Two Week Wait

By Angie Best-Boss

When you are trying to become pregnant, the first two weeks of the month are very focused and busy. You take medications, supplements, man the thermometer, and try to determine your ovulation to the second. If you’re doing an IUI or IVF, multiply the chores by 1000. Once you’re in your window of opportunity, your life revolves around introducing your egg to that cute little sperm.

But then comes the wait. The dreaded two week wait. Some folks feel it’s this part of the cycle that’s the toughest. There’s nothing to do. Sure, you can monitor your temperature, but that doesn’t help anything. Other than frantically cataloging every potential symptom and inspecting your toilet paper very carefully, it’s easy to feel overwhelmed during the two week wait.

Why two weeks?

You need to wait for the magical day to test for pregnancy - generally 14 days past ovulation. Very few women actually wait that long and end up wasting test after test every month. All women trying to conceive should buy stock in home pregnancy test companies. It’s the only way to make up for the ridiculous amount of money you waste when trying to become pregnant.

Testing too early is one of the most common reasons for not getting accurate results from a home pregnancy test. They say either “yes” or “no” based on the amount of HCG (Human Chorionic Gonadotropin) in your urine. Anything above 5 is positive, but home pregnancy tests don't pick up urine HCG until it reaches 20-25. During the first few weeks of pregnancy, HCG levels in a woman's body double every two to three days, which is why the longer you wait, the more likely you are to get an accurate answer. Doctors won’t do the more accurate blood test until you are a week overdue or on day 14 if you’ve had an IUI or IVF.

Definitely pregnancy symptoms…or not

It is a cruel trick of nature that premenstrual symptoms can mimic early pregnancy signs. Try not to put too much stock in early signs. As a general rule, pregnancy symptoms shouldn't start before implantation on day 20-21 but usually don't start until day 26 or later. PMS usually goes away when your bleeding starts or just before/after. Pregnancy symptoms not only continue, but increase in intensity.

Symptoms for both PMS and early pregnancy include:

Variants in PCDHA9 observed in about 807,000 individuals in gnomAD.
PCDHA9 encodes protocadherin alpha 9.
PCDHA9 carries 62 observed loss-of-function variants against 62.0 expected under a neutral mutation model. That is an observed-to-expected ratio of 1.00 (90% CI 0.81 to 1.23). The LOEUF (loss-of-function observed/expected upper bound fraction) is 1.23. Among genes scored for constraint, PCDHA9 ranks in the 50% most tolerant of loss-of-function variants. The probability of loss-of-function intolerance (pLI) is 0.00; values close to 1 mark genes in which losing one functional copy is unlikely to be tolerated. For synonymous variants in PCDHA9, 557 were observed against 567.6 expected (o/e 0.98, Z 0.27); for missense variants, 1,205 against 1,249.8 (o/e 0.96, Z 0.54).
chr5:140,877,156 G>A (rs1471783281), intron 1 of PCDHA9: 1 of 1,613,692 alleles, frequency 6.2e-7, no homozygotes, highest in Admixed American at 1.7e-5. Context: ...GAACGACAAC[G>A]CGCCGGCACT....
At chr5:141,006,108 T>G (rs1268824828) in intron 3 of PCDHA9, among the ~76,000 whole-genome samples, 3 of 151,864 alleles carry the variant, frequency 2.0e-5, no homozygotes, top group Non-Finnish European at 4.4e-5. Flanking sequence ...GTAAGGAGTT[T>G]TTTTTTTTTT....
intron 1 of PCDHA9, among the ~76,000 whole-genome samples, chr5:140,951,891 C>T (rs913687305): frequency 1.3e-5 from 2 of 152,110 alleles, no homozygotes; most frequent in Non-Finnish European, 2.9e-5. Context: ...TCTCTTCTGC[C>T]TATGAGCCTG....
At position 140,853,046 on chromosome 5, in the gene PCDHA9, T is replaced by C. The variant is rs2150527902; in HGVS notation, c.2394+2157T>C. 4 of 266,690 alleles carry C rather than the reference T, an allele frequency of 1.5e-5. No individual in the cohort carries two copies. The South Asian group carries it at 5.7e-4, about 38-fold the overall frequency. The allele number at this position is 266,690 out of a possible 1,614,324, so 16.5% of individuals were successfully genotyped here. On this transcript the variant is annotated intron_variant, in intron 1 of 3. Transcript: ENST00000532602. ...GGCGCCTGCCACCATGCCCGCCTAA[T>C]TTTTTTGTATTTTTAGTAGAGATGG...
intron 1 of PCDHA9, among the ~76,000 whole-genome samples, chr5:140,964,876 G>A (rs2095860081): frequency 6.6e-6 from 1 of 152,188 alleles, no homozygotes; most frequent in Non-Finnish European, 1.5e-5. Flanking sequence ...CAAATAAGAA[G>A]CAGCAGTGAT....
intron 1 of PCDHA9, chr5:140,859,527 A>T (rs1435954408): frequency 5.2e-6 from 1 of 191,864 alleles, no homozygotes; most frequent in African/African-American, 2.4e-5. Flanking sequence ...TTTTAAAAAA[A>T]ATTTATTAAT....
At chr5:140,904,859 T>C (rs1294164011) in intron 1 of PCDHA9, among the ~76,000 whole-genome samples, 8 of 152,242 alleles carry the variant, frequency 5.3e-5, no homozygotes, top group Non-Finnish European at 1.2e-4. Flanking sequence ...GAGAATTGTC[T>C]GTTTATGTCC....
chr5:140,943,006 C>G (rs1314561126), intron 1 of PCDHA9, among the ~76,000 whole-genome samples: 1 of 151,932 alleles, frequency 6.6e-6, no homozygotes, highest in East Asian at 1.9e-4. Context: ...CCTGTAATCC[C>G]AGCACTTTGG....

• Breast tenderness
  • Tiredness
  • Digestive problems
  • Bloasting
  • Cramps/twinges in lower abdomen

For some women, the absence of usual PMS symptoms may be just as telling. For example, Moira explains “I always had a horrible headache two days before I started my period. I could count on it. In fact, I did. I usually marked on my calendar two days before I expected to start so I wouldn’t plan anything additional for that day. I was surprised when it didn’t hit, but even more surprised when the pregnancy test came back positive!”

Some symptoms generally associated with pregnancy and not PMS include:

  • Nausea
  • Food cravings/aversion
  • Prominent blue veins on the breast
  • Frequent urination

Some moms are surprised that symptoms in subsequent pregnancies are not always identical. If you are taking fertility medication like progesterone, your symptoms are even murkier and you will be less able to distinguish which came first.

Implantation Bleeding

If you can pinpoint ovulation, then you know that implantation can take place anywhere from about 5 days to 12 days past ovulation. For about twenty percent of women, implantation bleeding will occur when the fertilized egg implants into the uterus. It is usually lighter in color and amount and generally occurs six to ten days past ovulation. If it is heavy enough to soak a pad, it probably isn’t implantation bleeding.

Take care of yourself

Easier said than done, but Diane Clapp, BSN, RN of RESOLVE offers these suggestions for coping emotionally:

  • Decide with your partner how you want to receive the news about the cycle.
  • Tell your partner what you will need if the news is not positive.
  • Treat yourself by doing things you enjoy the most: going to the movies, visiting with friends, or reading a good book.
  • Protect yourself emotionally. Don’t plan on attending a baby shower the weekend after you expect your test results.
  • Take slow, deep breaths to help you relax.

Just in Case

Take good care of yourself -- eat healthy, drink enough water, sleep well. You’ve already given up caffeine, alcohol and cigarettes, so that part should be easy.

To learn more:

American Pregnancy Association (APA)

The APA is a national health organization committed to promoting reproductive and pregnancy wellness through education, research, advocacy, and community awareness.
1425 Greenway Drive, Suite 440, Irving , Texas 75038
(972) 550-0140
www.americanpregnancy.org


 
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